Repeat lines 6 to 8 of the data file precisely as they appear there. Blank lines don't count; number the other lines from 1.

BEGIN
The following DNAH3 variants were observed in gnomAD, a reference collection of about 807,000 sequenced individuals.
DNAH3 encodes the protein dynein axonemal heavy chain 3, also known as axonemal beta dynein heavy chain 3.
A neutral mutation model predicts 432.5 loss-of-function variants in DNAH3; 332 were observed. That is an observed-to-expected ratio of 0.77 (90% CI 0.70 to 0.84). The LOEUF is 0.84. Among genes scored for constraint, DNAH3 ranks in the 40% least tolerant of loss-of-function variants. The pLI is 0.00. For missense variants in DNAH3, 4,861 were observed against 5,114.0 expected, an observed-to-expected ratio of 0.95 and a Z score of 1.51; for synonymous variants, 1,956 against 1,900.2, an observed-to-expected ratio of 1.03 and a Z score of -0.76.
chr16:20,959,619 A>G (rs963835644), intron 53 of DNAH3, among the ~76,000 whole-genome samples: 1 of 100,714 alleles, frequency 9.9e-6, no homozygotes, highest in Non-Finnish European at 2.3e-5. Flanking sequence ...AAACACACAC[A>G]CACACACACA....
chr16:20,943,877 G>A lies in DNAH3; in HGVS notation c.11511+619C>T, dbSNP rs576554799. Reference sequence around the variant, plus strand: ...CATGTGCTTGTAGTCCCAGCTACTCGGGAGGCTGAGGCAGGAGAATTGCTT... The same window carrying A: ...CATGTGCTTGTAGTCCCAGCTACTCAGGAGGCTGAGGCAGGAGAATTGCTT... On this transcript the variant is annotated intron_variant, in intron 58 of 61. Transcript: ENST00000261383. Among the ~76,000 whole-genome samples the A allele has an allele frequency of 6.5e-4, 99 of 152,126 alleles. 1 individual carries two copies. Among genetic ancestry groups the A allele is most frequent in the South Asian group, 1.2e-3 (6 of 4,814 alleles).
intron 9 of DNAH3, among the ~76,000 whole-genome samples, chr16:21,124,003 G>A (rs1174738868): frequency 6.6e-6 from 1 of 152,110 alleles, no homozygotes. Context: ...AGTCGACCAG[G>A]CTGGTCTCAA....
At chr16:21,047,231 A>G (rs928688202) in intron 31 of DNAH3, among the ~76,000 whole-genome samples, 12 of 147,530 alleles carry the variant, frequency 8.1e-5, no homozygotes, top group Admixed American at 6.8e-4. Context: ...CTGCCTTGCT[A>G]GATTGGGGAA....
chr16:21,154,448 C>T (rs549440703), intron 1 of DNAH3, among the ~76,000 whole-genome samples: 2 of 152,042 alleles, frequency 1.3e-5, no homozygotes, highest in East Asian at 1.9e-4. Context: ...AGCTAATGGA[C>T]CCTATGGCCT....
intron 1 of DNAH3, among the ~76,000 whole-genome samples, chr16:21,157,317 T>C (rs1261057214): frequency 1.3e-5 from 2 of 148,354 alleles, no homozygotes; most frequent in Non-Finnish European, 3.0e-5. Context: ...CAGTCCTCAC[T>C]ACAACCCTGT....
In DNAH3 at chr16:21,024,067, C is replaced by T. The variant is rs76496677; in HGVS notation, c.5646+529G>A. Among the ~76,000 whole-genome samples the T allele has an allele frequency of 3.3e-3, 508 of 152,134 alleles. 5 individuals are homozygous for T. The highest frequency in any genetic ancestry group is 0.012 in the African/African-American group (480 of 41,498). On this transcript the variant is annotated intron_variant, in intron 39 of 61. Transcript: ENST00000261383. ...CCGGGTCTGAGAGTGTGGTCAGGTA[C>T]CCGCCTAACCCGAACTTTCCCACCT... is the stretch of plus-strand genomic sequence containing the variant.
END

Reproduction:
intron 9 of DNAH3, among the ~76,000 whole-genome samples, chr16:21,124,003 G>A (rs1174738868): frequency 6.6e-6 from 1 of 152,110 alleles, no homozygotes. Context: ...AGTCGACCAG[G>A]CTGGTCTCAA....
At chr16:21,047,231 A>G (rs928688202) in intron 31 of DNAH3, among the ~76,000 whole-genome samples, 12 of 147,530 alleles carry the variant, frequency 8.1e-5, no homozygotes, top group Admixed American at 6.8e-4. Context: ...CTGCCTTGCT[A>G]GATTGGGGAA....
chr16:21,154,448 C>T (rs549440703), intron 1 of DNAH3, among the ~76,000 whole-genome samples: 2 of 152,042 alleles, frequency 1.3e-5, no homozygotes, highest in East Asian at 1.9e-4. Context: ...AGCTAATGGA[C>T]CCTATGGCCT....